At the end of Q1 we were surprised by the solid pace of supply in CLOs, especially considering the challenging arbitrage dynamics facing issuers. Six weeks on, we’re starting to see some changes. April saw six deals all priced in the period before Easter, and while Q1 supply levels were comparable to 2018, total issuance volume of €9.4bn year-to-date now represents a gradual slowdown versus last year, behind which there are multiple factors.
First, primary supply in the loan market has been disappointing, down 23% in Q1 vs. the same period last year (with bond volume down 43%). Easter holidays are over but last week passed without a single deal being launched in the syndicated loan market, according to Debtwire. Although the M&A deal pipeline will start to churn again, this is driven mainly by large cap transactions and CLO managers thrive on a steady flow of mid-sized transactions in order to get the diversification they need. The pace of ramping in new CLO pools has reduced significantly together with the number of warehousing facilities opened so far this year. As a consequence loan spreads have tightened back to levels seen before the softness of Q4 2018.
Despite the slump in supply, CLO spreads in 2019 vintage primary deals haven’t really moved. After a very slow first two weeks we have seen some spread tightening, but AAAs in particular haven’t budged. Japanese investors have been taking the vast majority of AAA supply in recent times, particularly from the tier one managers. We are hearing rumours of the widening of this Japanese bid, which has already started in the US CLO market. The investor base for new CLOs has shrunk with the bottom part of the capital structure populated by fewer investors (most of them US-based), and hedge funds dominating lower mezzanine and equity tranches. We have commented before that 2019 issuance doesn’t look attractive for several reasons, and it looks like some other European investors agree.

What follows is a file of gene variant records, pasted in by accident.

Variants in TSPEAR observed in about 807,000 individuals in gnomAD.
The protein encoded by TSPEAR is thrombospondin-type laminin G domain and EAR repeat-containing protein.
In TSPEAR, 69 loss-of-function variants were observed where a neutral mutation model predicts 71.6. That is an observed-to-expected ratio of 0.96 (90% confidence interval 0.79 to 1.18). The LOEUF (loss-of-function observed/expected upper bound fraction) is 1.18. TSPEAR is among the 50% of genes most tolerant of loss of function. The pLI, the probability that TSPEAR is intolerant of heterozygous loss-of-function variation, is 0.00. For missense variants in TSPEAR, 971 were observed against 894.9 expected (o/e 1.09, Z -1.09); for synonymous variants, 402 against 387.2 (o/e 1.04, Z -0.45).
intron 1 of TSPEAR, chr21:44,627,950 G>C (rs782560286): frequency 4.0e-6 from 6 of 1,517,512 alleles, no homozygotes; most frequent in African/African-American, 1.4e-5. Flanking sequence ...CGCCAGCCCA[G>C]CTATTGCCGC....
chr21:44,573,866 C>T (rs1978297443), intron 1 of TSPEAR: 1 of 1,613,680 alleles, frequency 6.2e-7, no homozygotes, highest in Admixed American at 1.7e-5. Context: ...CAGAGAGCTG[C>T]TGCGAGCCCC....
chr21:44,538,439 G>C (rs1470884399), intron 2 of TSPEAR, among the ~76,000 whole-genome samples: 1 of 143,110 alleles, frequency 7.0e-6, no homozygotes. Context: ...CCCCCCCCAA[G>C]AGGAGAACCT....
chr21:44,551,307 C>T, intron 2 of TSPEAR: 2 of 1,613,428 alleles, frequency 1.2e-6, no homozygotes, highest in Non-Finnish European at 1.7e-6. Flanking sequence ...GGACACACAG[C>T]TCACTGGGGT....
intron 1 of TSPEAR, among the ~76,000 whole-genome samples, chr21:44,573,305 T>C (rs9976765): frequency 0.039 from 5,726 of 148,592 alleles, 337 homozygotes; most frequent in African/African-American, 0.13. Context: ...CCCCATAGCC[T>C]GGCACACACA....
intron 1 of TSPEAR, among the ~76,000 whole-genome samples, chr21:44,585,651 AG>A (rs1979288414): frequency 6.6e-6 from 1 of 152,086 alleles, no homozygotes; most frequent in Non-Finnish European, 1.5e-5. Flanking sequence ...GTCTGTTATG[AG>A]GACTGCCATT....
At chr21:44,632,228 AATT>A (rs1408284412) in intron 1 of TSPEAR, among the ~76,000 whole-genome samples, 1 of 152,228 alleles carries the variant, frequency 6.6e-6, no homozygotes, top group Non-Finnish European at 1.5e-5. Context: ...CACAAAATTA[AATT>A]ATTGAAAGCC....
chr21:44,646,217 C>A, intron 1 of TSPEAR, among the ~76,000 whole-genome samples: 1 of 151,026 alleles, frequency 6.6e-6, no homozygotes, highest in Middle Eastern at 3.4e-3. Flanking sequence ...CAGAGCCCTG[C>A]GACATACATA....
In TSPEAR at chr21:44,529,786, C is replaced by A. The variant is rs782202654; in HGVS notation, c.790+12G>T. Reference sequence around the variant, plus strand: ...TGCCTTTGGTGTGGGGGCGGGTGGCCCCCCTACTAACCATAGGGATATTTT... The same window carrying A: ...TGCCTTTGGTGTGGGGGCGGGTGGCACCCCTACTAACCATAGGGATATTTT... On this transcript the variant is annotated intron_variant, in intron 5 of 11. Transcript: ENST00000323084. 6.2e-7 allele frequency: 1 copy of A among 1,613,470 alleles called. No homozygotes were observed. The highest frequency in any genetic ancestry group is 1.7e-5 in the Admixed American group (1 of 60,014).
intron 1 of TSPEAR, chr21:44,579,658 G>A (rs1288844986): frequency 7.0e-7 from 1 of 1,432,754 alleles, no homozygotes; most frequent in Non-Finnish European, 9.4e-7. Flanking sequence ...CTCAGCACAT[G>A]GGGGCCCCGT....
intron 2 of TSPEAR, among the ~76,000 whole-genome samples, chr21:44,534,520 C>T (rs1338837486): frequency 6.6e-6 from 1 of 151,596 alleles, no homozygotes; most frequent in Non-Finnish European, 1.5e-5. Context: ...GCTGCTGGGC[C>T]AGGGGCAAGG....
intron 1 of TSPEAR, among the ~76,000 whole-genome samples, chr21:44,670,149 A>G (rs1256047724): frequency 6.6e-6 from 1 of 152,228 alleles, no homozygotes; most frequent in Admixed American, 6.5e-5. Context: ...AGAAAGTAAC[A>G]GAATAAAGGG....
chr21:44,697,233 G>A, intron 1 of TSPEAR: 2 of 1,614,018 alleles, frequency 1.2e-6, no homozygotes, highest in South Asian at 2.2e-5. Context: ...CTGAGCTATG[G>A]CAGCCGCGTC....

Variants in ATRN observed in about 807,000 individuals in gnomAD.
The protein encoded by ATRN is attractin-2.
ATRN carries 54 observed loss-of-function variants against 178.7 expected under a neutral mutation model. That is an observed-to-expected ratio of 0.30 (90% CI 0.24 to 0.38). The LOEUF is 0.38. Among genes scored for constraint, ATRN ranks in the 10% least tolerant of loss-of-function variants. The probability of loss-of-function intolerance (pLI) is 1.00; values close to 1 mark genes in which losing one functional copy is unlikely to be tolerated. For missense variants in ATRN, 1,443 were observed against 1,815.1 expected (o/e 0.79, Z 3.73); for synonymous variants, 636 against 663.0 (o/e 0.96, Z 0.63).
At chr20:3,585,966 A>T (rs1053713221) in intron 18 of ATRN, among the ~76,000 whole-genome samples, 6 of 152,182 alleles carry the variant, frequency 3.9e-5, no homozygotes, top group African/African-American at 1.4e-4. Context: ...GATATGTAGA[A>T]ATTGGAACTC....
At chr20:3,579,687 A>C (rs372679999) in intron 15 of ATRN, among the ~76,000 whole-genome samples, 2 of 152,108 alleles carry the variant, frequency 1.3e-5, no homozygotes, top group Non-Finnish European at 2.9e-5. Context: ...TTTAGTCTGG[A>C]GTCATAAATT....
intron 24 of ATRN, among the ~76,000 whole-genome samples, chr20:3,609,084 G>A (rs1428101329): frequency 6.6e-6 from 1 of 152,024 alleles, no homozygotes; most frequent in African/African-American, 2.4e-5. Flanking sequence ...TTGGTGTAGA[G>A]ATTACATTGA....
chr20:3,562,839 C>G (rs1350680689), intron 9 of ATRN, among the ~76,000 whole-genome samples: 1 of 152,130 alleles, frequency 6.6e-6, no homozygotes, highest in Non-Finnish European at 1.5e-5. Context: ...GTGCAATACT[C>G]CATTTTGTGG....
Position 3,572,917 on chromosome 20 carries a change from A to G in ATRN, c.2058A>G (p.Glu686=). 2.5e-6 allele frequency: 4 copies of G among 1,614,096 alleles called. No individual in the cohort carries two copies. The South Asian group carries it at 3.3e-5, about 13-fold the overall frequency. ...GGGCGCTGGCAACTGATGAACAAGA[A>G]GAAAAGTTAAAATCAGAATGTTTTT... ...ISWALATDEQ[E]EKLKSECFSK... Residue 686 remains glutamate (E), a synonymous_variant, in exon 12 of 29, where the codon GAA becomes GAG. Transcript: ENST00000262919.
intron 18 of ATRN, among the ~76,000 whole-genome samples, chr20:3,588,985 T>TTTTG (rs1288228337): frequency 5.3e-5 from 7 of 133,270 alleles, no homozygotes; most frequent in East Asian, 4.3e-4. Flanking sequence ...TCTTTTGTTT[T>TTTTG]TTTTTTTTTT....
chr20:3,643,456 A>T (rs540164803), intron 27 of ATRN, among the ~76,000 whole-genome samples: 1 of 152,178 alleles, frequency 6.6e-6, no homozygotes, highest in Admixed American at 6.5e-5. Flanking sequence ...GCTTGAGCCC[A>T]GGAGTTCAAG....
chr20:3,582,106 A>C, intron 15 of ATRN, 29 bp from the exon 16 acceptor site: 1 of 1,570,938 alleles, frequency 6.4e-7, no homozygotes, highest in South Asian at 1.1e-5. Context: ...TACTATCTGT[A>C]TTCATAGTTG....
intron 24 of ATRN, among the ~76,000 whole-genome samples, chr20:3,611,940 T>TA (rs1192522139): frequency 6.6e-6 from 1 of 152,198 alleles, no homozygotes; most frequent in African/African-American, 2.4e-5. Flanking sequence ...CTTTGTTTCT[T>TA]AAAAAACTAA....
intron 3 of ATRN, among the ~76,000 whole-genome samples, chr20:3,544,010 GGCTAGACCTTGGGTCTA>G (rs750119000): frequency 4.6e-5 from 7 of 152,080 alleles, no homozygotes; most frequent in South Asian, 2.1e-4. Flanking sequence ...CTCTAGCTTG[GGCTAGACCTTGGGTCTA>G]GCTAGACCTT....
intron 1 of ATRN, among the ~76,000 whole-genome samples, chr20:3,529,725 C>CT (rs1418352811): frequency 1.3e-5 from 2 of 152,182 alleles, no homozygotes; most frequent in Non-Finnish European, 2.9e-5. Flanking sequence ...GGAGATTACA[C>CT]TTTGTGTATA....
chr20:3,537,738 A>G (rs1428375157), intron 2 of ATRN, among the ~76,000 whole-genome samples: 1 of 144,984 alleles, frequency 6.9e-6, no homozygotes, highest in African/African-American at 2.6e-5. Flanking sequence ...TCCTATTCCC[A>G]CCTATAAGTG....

The economics for new CLOs are under pressure and we don’t see why a manager would print now given these conditions; this won’t help debut CLO issues that don’t have the support of an investor anchoring the AAAs. Due to current arbitrage levels only three issuers have come to the market with a refi/reset deal in 2019 so far, for a total of just €1.2bn vs. €6.5bn by the same time last year. With around 10 new CLO managers in the pipeline, ramping portfolios has been a challenge and so a slowdown in supply had looked inevitable. We are starting to see that materialise and the secondary market is reaping the benefits as spreads are tightening.
We think lower issuance will be a good thing for the CLO market. In the secondary market spreads have started tightening after materially lagging more mainstream credit products in the first quarter. Appetite remains for short dated paper and tier one managers with clean pools and documentation, though we have also seen increased activity in longer maturity bonds, especially at the bottom of the capital structure, helping move BB and B spreads 10-30bp tighter vs. March levels.
With benign fundamentals and a positive technical picture, we expect CLOs to outperform in the coming months. This might also help rebalance the arbitrage dynamics in primary, leaving the market in a more healthy place.